Last week, my opponent and I participated in our first round of School Board candidate forums. I asked myself what I would be listening for if I were a voter instead of a candidate. What do each candidate’s words tell you about their values? Their vision for improving our schools? Their ability to be good stewards of public trust and public funds?
If I were in your shoes, I’d be evaluating each candidate along the lines of what’s listed below. (And these are my minimum requirements--not the longer list of what I wish every candidate would bring to the job.)
What’s becoming clearer every time we have one of these candidate forums is that some in our community are treating this election as a single-issue race. That issue is how APS has operated during the pandemic and how it is now handling the last weeks of this school year.
I say “has operated” and “is now” very intentionally, because the issue is not whether we will have a five-day, in-person instruction option in August. That commitment has been made.
So I encourage you to ask yourself and others this question: Is this election really about a single issue, which will be over by the time the new School Board member takes office next January?
Some in our community may object to the way I am characterizing the “single issue” of pandemic response, and they’ll point out that the issue is really a larger lack of accountability: the School Board’s accountability to the community, and the Superintendent’s accountability to the School Board.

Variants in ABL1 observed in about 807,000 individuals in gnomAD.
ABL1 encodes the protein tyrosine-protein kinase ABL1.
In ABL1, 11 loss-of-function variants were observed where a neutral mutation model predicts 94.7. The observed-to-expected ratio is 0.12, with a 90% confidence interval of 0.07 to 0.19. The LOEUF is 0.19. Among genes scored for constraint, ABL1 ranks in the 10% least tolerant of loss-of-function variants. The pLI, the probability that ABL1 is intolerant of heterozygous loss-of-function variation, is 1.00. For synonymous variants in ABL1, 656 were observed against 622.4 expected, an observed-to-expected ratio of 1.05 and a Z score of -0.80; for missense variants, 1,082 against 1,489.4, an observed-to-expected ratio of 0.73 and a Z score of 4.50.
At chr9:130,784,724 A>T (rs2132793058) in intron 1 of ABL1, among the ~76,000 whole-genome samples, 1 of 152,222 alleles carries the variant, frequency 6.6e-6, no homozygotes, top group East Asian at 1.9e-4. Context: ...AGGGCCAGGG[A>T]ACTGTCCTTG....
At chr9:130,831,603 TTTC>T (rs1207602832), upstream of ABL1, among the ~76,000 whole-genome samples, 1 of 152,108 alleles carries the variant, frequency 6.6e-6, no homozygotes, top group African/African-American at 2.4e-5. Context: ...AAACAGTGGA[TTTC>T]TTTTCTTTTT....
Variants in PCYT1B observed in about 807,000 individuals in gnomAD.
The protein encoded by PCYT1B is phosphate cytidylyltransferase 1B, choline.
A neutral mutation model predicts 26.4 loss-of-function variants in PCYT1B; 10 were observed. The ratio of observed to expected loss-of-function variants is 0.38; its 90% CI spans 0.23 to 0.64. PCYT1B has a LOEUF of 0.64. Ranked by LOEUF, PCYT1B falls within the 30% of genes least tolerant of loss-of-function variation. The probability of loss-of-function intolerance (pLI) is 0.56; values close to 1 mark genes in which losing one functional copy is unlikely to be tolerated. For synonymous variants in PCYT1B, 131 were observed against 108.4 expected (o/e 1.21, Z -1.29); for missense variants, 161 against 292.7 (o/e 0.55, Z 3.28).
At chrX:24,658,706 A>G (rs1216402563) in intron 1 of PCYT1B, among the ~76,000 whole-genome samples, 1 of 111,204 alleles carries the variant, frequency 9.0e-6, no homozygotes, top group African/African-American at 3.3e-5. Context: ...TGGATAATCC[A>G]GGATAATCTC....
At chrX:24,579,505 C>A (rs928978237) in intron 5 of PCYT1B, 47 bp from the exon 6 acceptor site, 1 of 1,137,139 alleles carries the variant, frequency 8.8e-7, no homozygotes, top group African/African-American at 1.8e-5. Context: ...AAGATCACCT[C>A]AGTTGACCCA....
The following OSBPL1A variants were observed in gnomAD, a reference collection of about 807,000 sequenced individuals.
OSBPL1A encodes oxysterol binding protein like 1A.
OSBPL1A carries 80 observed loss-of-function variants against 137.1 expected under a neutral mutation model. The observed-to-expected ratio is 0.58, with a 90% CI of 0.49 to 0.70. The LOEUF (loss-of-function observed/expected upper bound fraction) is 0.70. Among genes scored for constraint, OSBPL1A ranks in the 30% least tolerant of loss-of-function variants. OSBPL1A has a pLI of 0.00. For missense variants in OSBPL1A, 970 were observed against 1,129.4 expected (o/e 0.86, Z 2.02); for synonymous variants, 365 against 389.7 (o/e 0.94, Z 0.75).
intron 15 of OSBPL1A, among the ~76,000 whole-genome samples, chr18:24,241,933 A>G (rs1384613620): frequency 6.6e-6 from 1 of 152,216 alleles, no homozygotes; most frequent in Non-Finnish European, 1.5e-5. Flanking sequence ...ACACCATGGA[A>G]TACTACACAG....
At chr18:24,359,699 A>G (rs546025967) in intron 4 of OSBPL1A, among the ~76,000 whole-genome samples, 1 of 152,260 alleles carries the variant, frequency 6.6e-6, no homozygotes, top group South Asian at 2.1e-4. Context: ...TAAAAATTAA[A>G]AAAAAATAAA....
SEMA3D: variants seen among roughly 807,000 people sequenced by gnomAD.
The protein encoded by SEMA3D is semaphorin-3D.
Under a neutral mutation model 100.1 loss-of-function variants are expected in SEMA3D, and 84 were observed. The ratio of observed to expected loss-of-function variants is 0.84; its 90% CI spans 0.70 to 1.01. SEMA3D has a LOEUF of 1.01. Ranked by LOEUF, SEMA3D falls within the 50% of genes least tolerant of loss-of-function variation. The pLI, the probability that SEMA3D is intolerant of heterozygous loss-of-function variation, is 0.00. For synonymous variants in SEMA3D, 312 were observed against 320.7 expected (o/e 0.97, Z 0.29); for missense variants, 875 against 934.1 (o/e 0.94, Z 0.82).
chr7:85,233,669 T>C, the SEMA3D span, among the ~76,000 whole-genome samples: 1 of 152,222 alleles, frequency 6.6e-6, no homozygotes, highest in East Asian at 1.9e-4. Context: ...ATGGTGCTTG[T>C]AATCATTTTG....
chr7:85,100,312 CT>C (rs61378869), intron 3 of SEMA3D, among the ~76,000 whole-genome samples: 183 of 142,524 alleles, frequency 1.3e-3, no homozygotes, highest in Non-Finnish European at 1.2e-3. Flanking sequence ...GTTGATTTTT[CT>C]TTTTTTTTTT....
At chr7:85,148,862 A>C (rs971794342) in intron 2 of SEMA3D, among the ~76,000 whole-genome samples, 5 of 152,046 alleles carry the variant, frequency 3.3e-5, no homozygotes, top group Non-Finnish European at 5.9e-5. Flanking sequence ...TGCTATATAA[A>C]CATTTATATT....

Accountability is essential. Public trust in our school system has been badly eroded over the past year, in significant measure because there hasn’t always been clear accountability for decisions made. The clearest demonstration of this is the fact that the School Board never took a vote on APS reopening plans. I have gone on the record stating that I believe School Board members should have voted over the 2020-21 school year instead of receiving information in the form of monitoring updates from APS leaders. This would have signaled to the community that elected officials were taking ownership of the problem and that they felt a sense of shared responsibility to push for schools to open as quickly, fully, and safely as possible.
I have called for accountability on a range of other issues, too, because accountability and its counterpart, transparency, are core values that have to be manifested in everything we do.
So if accountability is valued by both candidates, and if the pandemic is behind us by next January when the new School Board member will take office, then what does this election come down to?
I think it comes down to which candidate is in this for the long haul and whether you believe they bring the values, experience, and ideas we’ll need over the four years ahead. We have serious work in store to rebuild public trust, plan for growth, balance the budget, fully support our staff, eliminate inequities, and ensure every student is seen, supported, challenged, and valued.
If you believe I’m the candidate who checks the boxes, and if you believe I will work tenaciously over the entire four-year term on the full set of challenges and opportunities ahead of us, I hope you’ll support my campaign. Make a plan to vote in the Caucus May 17-23!